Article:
Fiction Fest: A passage or two from Carla Kelly’s ‘Safe Passage’

Safe Passage_2x3It’s 1912, the beginning of the Mexican Revolution—and the Mormon colonists must flee to the United States. When his estranged wife is mistakenly left behind, Ammon Hancock goes back to rescue her. But when he finds her, he must coax her to follow him to safety… and maybe even love him again. This revolution could be the very thing that ends their war of hearts.

There you have it, Carla Kelly’s “Safe Passage” in a nutshell. But don’t let that synopsis trick you into thinking that that is all the book has to offer! Kelly’s novels are meant to be enjoyed in their entirety in order to fully experience the charm and wit the author injects to each of her stories.

“Safe Passage” is available in bookstores and on,, and


Two years before the story begins, Addie Hancock had a miscarriage while her husband, Ammon, was freighting logs in the Sierra Madres, near the colony of Garcia where they lived. He had an accident, and wasn’t able to get to Addie. Indeed, he had no knowledge of her ordeal until he returned on crutches. Thinking her father had earlier telegraphed the sad news to Ammon, Addie wass beside herself and out of control when her husband returned. Sharp words and recriminations followed and she threw her wedding ring at him. Now he has returned to Mexico to find her, when she didn’t come out with the other women and children. They are on the run from guerillas, and have found a momentary safe haven with the Salinas family. They’ve declared a wary truce; now this is also a good time to talk.

Ammon had expected the mattress to be noisy corn husks, but he sank and sank into feathers. “My goodness, Addie, this is magnificent. I would never have guessed.”

He straightened out his arm and she came close, resting her head on his chest. The sun went behind clouds, darkening the room. He wanted it to rain again and thought he heard thunder. He raised up on one elbow, alert. It was artillery, not thunder.

Addie, bless her, pressed her hand against his chest and he lay down again. “There’s nothing we can do about what is going on out there,” she said, her voice as serene as he remembered from their best days together. “I believe we have to leave this in God’s hands, too.”

He nodded and closed his eyes, worn out and ragged, but he had to talk. “Addie, what would you have named our baby?”

He said it softly, not knowing what she would say, so uncertain, even though he had wondered. She as silent a long while, and then he felt his arm grow damp where her head rested. He pulled her closer. When she spoke, her voice was almost too soft to hear.

“I would have wanted you to name our baby, if it were a boy. Maybe after our fathers.”

“I thought about that,” he told her. “David Thomas or Thomas David?”

She nodded, silent. “I wanted Betsy for a daughter. Just Betsy.”

“Do we know any Betsys?”

“Do we need to?”

He chuckled. “Nope. I would have liked Betsy, too. Betsy Hancock. That’s good, because when she married, she wouldn’t have too many names…” What was he saying? “Addie, I am so sorry.”

She nodded again. “All I wanted was for you to be with me, and you weren’t. I went a little crazy.”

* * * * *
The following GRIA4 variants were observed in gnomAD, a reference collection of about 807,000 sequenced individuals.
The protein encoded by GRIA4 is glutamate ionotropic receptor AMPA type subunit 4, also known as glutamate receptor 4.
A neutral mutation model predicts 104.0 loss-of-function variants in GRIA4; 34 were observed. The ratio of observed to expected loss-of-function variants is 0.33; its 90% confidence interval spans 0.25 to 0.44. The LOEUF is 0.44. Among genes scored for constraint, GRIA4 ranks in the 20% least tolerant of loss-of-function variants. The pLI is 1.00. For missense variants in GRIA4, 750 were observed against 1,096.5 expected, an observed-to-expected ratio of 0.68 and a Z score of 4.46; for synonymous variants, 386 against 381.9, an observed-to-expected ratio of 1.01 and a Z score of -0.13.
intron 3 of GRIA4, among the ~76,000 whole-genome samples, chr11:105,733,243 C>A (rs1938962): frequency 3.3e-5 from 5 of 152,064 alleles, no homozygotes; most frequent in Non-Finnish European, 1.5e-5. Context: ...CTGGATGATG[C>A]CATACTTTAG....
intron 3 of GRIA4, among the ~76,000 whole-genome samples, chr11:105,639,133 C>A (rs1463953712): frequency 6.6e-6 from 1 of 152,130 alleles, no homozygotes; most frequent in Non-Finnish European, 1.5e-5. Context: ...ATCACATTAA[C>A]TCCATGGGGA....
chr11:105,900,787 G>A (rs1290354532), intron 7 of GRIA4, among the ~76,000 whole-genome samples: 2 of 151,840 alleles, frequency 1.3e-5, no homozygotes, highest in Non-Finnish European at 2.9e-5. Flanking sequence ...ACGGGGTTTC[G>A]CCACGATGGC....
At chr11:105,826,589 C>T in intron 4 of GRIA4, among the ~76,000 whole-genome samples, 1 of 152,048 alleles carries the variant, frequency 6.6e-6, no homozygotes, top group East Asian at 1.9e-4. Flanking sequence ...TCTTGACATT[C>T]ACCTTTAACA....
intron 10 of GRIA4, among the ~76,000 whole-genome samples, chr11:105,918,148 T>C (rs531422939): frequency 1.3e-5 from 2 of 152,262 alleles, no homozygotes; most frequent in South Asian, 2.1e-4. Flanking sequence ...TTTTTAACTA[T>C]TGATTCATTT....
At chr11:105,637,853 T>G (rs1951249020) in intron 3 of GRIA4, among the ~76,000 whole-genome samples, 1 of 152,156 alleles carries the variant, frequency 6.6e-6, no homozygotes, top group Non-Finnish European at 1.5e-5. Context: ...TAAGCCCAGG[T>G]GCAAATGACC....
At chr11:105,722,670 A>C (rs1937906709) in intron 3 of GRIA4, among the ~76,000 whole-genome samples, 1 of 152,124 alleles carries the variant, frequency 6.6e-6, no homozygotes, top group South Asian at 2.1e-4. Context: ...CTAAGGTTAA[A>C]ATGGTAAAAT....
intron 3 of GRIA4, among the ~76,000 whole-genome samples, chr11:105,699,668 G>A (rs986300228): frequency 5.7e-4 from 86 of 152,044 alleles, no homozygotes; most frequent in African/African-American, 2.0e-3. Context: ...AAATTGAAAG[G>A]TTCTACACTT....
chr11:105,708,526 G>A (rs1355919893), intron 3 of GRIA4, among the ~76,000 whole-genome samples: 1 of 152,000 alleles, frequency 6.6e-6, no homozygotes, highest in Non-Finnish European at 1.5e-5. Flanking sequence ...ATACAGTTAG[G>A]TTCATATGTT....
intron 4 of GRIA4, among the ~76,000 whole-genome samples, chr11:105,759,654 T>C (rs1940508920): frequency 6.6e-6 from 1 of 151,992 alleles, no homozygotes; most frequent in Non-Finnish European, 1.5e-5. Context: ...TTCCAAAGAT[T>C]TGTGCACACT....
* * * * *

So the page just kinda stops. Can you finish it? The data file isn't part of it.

She was baring her heart, exposing so much pain that she shuddered with it. He held her closer, both arms around her now.

“I was freighting logs in the Sierra Madres,” he began. “You know the contract, because I remember that before I left, you said it would make our fortune. The loggers were shorthanded, so I was helping. Some help! One of the logs rolled on my leg. You could hear the crack all over camp.”

She said something inarticulate, which he took as consent to continue. “I…I don’t remember anything after that. The doctor told me later that two days passed before he got there. The bone was sticking out. He didn’t know why infection didn’t set in.”

“Heavens,” she murmured.

“He actually had some chloroform, so he put me out so he could set it and stitch me up. I started home as soon as I could, but it was two weeks.”

No need for her to know how he cried from the pain, wailing out loud to the empty forest as he gave his horses their head and let them take him home to Garcia. “All I wanted to do was get home to you, because I knew you would make it better,” he concluded simply. “Addie, as God is my witness, I had no idea.”

“I know you didn’t,” she said finally. “Papa told me he sent a telegram, but since the war began, telegraph service is so poor.”

No need for you to know that your father forgot, he told himself. I can leave that one alone.

“That’s quite a scar on your calf. I…I noticed it at the river.”

He smiled, relieved. He knew that tone of voice. “Ah-ha. So you were admiring my manly physique!”

“Guilty as charged,” she said, amused. She sighed then, and it turned into a barely masked sob. “Too guilty.”

“Guilty of what? Being human? Feeling sad?”

“I wanted to call you back. I wasn’t brave enough. Too proud, too upset – I can’t explain it.”

“I should have tried harder,” he said remembering all the letters he had sent. Any fool could put a stamp on a letter. “I should have planted myself on Grandma Sada’s side porch and stayed there until you felt like seeing me.”

“You had a business to run.”

Heaven above, she was excusing him. “You should have been more important to me.”